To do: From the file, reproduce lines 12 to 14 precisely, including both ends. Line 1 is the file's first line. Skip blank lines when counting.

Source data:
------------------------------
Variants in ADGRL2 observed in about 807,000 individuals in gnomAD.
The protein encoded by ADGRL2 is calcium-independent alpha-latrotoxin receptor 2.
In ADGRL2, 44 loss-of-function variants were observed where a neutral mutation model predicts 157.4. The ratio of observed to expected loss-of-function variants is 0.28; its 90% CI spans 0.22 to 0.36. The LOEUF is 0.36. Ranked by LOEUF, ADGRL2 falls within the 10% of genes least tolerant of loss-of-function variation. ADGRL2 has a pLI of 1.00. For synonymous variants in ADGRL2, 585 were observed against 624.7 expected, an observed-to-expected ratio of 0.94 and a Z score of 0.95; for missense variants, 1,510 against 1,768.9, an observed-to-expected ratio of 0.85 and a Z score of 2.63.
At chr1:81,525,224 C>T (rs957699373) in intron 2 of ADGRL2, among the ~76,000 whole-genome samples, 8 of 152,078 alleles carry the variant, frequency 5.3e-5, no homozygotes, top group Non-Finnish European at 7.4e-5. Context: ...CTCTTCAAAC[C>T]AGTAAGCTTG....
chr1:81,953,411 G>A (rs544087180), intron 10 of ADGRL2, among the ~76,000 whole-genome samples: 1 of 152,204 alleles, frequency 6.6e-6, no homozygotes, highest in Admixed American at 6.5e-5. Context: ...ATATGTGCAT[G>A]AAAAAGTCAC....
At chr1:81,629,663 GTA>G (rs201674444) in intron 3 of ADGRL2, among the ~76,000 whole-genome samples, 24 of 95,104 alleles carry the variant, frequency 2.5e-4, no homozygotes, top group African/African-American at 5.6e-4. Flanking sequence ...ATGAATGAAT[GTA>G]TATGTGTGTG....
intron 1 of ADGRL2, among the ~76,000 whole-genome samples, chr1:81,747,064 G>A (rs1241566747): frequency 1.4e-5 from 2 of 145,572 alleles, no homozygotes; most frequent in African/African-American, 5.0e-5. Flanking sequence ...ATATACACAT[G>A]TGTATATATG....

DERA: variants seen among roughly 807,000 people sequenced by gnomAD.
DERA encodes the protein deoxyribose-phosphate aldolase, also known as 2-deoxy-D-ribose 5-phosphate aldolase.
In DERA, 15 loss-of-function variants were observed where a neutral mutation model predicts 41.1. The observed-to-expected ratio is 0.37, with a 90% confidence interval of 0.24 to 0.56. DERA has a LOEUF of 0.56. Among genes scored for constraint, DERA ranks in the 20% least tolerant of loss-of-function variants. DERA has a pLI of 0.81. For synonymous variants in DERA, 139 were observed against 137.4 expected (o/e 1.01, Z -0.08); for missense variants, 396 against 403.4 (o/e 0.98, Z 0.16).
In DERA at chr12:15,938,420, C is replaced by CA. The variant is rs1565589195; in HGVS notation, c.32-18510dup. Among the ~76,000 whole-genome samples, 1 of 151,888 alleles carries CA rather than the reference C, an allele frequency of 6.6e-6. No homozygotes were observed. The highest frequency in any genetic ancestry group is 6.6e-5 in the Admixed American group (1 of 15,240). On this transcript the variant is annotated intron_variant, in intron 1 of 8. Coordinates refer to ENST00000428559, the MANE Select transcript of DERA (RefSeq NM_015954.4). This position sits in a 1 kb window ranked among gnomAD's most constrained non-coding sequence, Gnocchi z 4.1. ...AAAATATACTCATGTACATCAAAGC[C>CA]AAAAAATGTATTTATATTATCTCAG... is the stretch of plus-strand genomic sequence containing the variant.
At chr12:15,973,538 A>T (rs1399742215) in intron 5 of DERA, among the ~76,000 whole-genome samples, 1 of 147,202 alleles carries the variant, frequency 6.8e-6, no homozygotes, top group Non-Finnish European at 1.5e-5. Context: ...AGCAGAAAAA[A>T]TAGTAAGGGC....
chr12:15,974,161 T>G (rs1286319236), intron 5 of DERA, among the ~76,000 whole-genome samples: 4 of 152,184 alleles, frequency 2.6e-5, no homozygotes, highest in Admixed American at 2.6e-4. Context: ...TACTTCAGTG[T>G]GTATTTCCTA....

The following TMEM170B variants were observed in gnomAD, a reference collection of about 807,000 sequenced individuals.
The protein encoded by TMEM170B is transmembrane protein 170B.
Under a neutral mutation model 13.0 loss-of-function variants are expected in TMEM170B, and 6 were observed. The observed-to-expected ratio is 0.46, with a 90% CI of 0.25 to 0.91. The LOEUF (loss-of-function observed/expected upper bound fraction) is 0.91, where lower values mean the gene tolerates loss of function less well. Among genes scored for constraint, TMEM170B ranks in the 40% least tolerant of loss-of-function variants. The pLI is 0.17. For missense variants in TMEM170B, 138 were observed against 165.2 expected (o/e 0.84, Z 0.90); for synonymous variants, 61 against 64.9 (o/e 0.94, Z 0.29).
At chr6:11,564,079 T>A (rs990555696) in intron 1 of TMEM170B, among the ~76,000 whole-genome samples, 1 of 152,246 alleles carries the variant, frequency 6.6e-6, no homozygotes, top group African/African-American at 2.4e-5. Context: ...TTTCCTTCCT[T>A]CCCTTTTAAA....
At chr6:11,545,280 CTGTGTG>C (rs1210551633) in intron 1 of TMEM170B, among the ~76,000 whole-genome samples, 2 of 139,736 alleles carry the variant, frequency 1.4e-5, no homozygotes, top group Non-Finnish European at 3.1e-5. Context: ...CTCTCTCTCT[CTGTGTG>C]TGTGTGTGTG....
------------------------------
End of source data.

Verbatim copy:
At chr12:15,973,538 A>T (rs1399742215) in intron 5 of DERA, among the ~76,000 whole-genome samples, 1 of 147,202 alleles carries the variant, frequency 6.8e-6, no homozygotes, top group Non-Finnish European at 1.5e-5. Context: ...AGCAGAAAAA[A>T]TAGTAAGGGC....
chr12:15,974,161 T>G (rs1286319236), intron 5 of DERA, among the ~76,000 whole-genome samples: 4 of 152,184 alleles, frequency 2.6e-5, no homozygotes, highest in Admixed American at 2.6e-4. Context: ...TACTTCAGTG[T>G]GTATTTCCTA....

The following TMEM170B variants were observed in gnomAD, a reference collection of about 807,000 sequenced individuals.